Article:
EDt?oB Maurice A. Smlth D.F.c. TEOHr{teAL EDITOn Harry Mundy A.Iyl.l.U.oh.E..m.3.A.E.rU.8.ltr. SPoRTa EDTToB Peter Garnier AaaraTANT EDlToRa Leonard A. Ayton, Ronald Barker iItDLAND EDTTOII Edward Eves aRT EDt?oR Howard VyB€


rurAHAolNo DTREoToR H. N. Prlaulx m.a.e.

Motorway Barriers H

AVE you seen those ugly cubes of sacking strung on poles in the cenral dividing suip of Ml? They are, of course, temporary anridazzle screens to help $e Ministry of Transpon decide what permanerrt measure is noedd, if any. Resumably authorities in America and Europe have come to some conclusions about.this matter already but, rf so, we have not soen any feports.

C,onditions vary-American motorways are speed limited, many European ones have only two lanes each wan in sorne cases the roads are quite widely separated aad dre cenEal strip carries natural bushes and treesbut the problems and needs are broadly the same.

Drivers do require plenty of spread a.d range of liglrt to see well enough to drive fast with safety, aruC dazzle from headlunp main bearns can be considerable on motorways. Some consideration should also be given to the drivers ahead as well as those in the oppoaing carriageways oow *rat cars do not have rear window blirrCs. The moving shadows cast by bridge piers, silhouetted by oncuning lights, can be confusing and disconcerting.

Tlre question of anti-dazzle screens is obviously allied with that of crash bariers---<an one screen do both ioibs?-and looming over such th<iughts is ahrays the question of the cost ttut migfit be involved.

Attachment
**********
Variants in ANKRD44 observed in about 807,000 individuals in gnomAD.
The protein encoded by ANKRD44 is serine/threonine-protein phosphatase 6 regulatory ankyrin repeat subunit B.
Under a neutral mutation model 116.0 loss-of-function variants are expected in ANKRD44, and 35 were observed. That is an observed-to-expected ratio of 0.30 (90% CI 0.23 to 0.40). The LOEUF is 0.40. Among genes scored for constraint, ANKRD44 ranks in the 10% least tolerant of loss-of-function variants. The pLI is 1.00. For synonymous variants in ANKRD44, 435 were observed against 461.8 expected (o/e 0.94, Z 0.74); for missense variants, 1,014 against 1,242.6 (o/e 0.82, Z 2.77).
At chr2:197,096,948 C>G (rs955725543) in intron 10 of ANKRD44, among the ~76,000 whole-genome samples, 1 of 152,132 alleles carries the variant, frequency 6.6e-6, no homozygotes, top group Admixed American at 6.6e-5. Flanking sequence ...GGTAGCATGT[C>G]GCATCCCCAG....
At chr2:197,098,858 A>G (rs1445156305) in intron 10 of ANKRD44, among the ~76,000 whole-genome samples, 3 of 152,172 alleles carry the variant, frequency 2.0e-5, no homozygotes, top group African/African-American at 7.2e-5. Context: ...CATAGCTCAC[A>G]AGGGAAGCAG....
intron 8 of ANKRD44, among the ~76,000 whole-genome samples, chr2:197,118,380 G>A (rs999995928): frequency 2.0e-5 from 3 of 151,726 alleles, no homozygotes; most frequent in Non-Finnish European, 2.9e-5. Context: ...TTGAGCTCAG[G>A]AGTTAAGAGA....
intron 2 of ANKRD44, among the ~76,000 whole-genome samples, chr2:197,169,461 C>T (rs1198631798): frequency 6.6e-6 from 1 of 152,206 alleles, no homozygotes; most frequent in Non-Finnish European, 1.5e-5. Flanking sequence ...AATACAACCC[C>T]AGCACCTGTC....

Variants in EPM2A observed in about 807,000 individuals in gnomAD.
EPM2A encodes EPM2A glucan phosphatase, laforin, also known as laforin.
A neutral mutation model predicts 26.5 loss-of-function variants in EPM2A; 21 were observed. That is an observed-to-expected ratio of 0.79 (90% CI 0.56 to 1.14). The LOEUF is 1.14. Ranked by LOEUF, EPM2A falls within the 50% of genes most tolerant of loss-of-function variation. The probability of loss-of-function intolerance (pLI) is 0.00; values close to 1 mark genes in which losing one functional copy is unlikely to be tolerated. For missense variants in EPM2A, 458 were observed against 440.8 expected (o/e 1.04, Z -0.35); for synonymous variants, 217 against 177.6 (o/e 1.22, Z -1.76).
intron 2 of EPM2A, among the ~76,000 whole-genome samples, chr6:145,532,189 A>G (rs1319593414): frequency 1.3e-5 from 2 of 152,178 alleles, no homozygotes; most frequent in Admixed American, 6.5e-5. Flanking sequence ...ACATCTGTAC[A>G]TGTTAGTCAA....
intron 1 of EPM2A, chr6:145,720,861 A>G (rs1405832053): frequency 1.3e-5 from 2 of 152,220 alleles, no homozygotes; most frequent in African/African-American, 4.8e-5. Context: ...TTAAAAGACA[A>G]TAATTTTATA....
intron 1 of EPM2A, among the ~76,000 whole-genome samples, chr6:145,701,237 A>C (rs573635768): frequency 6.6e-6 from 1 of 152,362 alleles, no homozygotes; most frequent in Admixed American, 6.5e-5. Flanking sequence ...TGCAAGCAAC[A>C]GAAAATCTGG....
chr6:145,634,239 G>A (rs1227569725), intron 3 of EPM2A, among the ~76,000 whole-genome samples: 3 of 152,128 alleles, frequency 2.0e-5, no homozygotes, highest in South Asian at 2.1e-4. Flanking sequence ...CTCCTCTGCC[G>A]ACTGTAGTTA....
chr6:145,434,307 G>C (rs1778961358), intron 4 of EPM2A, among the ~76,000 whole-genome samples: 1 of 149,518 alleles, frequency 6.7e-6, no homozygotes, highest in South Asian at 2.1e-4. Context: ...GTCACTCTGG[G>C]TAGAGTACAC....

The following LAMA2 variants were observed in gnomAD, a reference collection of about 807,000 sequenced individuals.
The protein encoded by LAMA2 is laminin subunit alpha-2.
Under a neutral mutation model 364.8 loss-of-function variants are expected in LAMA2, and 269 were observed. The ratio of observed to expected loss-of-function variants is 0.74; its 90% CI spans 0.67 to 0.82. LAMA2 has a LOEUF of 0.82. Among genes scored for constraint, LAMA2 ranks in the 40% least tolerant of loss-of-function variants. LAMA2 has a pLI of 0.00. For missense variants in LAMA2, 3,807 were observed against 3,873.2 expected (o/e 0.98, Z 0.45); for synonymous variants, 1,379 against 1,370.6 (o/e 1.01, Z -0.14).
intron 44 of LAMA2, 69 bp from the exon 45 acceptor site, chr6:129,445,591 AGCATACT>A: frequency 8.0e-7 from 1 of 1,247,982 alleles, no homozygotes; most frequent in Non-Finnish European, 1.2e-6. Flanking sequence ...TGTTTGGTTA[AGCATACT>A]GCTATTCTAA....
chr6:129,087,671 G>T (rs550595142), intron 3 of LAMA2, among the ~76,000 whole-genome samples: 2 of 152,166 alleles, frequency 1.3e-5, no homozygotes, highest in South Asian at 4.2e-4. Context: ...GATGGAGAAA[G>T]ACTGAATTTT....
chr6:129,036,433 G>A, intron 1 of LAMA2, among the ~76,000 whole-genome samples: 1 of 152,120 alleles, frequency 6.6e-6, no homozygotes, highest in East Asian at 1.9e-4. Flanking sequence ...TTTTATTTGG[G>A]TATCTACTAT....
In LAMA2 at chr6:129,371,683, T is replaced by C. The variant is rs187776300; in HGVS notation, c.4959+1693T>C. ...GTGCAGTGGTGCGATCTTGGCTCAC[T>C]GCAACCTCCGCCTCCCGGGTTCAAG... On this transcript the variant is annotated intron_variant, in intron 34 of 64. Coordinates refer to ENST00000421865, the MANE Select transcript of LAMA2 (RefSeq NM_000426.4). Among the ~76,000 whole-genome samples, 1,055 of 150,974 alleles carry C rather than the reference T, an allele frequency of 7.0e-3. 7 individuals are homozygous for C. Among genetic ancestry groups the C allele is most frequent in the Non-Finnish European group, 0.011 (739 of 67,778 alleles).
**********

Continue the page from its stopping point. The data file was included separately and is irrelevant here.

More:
Autocor has some definite views about provisions for uight driving oo motorways aod has others still under coosideration. Ve think there is a case to be made for a cootinuous anti-dazzle bamier, perhaps in the form of a continuous line of bushes and shrubs, but there is much less call for a continuous crash barrier. For a start, however, the long curyes might be tackled because theirs is a special dazzle problem.

The better a road is defined, the less the need for rnain headlamp b€arns. Various schemes are used abroad, of which the regularly spaced posts carrying reflectors ard angled sligttly towards the road are perhaps best. These nerd to be so desiped as to keep reaaooably clean . If the off-side edges of Ml were more clearly d€6!€d and the wholc rmd surface qrere light in colout, night driving would be made easier. Notice thc difference on a dark wet night wheo you run off a shiny black r@d surfacc surface oD to a rnatt

" white " one. The edges or verges of Ml are a muddy mess and it is < rften rlif6cult to tell where road ends and earth or grass begios. Drivers naturally pile ou the light to try to see better.

One side effect of the cubes of sacking and of thc existing sections of. ani-dazile fence is to gtve a greater impression of speed to thos€ in the fast lane when close beside them. This tends to eocourage drivers to travel a little slower.

One thirg we must not have is intermittent antidazzle protection. Nothing is more tiring than a flashing light of the kird received whea a row of trees or bushes stands between a driver and a source of bright light.

Anyone who has seen some of the terrifying films of full-scale tests of crash barriers made in the U.S.,t will know how imponant it is that these are properly designed. Poor derigns can cause vehicles to iump or somerrault into th€ oncoming trafrc or roll back acf,oss the lanes on their own side. The ideal seems to be that the barrier should hold down thc vehicle and bring it quickly to a standstill along and in contact with the rail or fence.


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